This is book full of stories about hard situations where technology, government and cultures are pulling on each other. It isn't a technical book, though. It's about the society impact and the big questions that are underneath all these situations. It covers situations like privacy (when should they share customer data with police forces?), getting internet connections to all communities (the normal method in America is to see if internet is available somewhere in the county--leaving many cities without it still today), and Chinese/American tensions over technology sharing.
These giant tech companies are being put in the position to act like major governments and it was fascinating to see how one of them (Microsoft) is owning that and trying to be a thoughtful, positive influence. I don't agree with all of the positions they have taken, but I love that they are being intentional about it.
In a world where immense amounts of data are saved to the cloud, tech companies are more and more powerful, and their behavior in managing that information (our digital lives, but that affects most parts of our offline lives) is vitally important. In a global digital world, your data could be racking up digital miles all over the world even while you sleep, and without your knowledge.
In Tools and Weapons, Microsoft President Brad Smith and Carol Ann Browne address a wide range of issues, such as surveillance, social media, digital diplomacy, artificial intelligence, and ethics. Smith provides a fascinating overview of issues past and present with respect to the above, as well as government regulation and how tech companies respond to social issues (for example, there are chapters on consumer privacy, rural broadband, and the talent gap with respect to computer science).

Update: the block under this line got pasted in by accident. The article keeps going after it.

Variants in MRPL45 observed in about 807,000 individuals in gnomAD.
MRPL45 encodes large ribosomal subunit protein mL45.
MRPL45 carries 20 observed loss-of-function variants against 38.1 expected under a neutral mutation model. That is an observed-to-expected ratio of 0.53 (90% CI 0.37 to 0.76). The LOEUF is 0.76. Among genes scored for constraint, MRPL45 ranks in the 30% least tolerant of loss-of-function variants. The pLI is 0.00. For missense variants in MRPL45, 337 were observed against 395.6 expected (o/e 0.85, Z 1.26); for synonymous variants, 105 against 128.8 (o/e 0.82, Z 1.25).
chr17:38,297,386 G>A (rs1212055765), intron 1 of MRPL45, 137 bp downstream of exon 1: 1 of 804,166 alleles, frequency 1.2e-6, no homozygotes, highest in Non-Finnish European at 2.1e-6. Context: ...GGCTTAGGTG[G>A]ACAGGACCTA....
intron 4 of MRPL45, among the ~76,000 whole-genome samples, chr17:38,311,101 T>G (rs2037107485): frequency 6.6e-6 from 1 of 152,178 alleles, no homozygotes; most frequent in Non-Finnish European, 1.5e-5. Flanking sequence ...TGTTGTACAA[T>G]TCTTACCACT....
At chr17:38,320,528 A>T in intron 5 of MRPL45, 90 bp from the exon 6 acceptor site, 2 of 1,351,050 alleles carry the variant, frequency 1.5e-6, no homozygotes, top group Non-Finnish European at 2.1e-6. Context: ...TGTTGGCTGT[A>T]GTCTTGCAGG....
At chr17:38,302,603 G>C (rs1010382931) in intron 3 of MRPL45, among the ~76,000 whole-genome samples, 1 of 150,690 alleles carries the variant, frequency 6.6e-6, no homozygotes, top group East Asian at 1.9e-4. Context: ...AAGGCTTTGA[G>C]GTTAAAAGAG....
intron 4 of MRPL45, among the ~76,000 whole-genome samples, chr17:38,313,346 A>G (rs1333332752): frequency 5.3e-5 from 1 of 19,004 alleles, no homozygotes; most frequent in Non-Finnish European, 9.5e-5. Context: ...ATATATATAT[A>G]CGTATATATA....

The book is easy to read and understand, even for a lay person, and is a fascinating overview of these areas of concern. Smith provides the reader with an insider view of major events in the tech industry that continue to be relevant, and provides a peek into Microsoft's decision-making process. Microsoft is a lot more proactive and socially conscious than I ever realized. I particularity enjoyed hearing about how Microsoft worked with other organizations and governments to address various issues.
More than anything, the book gives a lot of food for thought about the benefits, negatives, and things to be aware of related to ever-evolving technology. Having read the book I am better informed, which is exactly what I was hoping for from Tools and Weapons.
The opinions in this review are honest and my own.
Excellent thought provoking book. Particularly chapters on ethics as applied to cutting edge technology. Well researched (with copious end matter references) and written with an insider's view on technology over the last 10-15 years. Many references to historic similarities which assisted me in engaging with current technology trends and historic events. I suspect that much of this book within 10-20 years will become out dated, but there are many general principles that are worthwhile.
This was a pretty interesting book, although I did think it was a bit too simplified in the content discussed and a bit too long. The digital diplomacy and consumer privacy were two very great chapters. The ending in open data revolution was a logical conclusion but with flaws.
I was looking for new insights from this book, but the description of the challenges (privacy and GDPR, cyber war, surveillance, social media, moral conundrums of AI, challenges to democracy) was way too generic. Primarily the book is actually about Microsoft and how the company responded to those challenges. I was also slightly alienated by the patronizing tone that was occasionally used. You are better off reading about these challenges separately and also reading a few books that are intentionally written about Microsoft.